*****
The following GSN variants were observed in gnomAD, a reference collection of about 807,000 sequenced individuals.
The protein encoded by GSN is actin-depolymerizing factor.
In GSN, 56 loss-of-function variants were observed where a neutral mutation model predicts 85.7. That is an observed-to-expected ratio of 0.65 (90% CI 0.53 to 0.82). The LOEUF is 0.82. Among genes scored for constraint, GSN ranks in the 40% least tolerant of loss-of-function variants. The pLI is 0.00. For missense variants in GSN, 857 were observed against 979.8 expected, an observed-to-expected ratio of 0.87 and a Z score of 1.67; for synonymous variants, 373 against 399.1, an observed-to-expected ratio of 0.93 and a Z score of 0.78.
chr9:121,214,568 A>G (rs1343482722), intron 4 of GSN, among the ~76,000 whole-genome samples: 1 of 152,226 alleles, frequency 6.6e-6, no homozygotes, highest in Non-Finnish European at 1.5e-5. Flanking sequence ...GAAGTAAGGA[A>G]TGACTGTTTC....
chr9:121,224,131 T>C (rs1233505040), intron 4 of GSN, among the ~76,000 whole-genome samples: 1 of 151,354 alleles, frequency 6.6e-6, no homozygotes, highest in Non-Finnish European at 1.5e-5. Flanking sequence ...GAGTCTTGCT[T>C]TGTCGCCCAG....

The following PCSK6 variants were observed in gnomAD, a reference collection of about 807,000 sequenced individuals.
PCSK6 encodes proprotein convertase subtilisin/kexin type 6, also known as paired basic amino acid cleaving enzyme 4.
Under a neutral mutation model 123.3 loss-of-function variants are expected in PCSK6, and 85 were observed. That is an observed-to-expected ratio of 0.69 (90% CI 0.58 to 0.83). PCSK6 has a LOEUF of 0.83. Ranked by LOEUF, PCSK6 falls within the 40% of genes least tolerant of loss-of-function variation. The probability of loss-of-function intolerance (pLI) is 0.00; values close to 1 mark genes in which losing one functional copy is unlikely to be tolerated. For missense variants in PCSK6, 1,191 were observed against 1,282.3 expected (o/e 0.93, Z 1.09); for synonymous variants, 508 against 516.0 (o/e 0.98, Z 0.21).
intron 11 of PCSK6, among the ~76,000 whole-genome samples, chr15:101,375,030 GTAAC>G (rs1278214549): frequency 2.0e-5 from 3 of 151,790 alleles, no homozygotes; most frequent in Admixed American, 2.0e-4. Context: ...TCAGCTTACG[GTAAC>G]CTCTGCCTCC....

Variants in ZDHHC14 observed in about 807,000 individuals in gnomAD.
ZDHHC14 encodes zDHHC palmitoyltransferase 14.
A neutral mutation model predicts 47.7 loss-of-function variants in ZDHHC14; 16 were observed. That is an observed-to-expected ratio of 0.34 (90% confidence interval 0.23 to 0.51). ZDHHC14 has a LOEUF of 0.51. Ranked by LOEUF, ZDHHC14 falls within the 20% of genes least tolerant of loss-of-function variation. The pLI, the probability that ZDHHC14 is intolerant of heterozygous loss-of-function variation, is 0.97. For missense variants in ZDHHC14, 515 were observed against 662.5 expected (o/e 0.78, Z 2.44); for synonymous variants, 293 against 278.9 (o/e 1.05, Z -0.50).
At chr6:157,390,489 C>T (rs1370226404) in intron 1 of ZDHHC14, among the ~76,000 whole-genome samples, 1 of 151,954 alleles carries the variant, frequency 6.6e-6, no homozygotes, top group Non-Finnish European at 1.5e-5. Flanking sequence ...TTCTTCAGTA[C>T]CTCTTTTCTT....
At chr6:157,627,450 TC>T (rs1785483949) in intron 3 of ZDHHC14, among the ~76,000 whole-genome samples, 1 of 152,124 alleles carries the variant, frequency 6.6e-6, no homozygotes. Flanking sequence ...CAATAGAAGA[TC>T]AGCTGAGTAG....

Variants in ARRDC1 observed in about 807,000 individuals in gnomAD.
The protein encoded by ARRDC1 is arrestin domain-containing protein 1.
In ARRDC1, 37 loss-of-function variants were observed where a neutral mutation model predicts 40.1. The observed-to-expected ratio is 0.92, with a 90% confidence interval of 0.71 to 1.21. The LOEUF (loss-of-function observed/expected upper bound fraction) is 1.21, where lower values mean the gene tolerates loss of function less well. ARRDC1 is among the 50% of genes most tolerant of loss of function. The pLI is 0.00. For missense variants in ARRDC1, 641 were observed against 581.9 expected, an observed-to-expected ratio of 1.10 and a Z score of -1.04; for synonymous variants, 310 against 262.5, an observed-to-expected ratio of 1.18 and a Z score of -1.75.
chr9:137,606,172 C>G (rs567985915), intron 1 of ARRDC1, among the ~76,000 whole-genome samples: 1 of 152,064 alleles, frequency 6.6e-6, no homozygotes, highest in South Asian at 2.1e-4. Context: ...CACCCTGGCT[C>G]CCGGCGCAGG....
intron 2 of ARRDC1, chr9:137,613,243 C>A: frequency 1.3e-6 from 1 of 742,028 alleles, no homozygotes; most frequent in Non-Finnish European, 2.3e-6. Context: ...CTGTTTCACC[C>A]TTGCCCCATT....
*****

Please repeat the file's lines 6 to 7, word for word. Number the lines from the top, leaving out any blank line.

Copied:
The following PCSK6 variants were observed in gnomAD, a reference collection of about 807,000 sequenced individuals.
PCSK6 encodes proprotein convertase subtilisin/kexin type 6, also known as paired basic amino acid cleaving enzyme 4.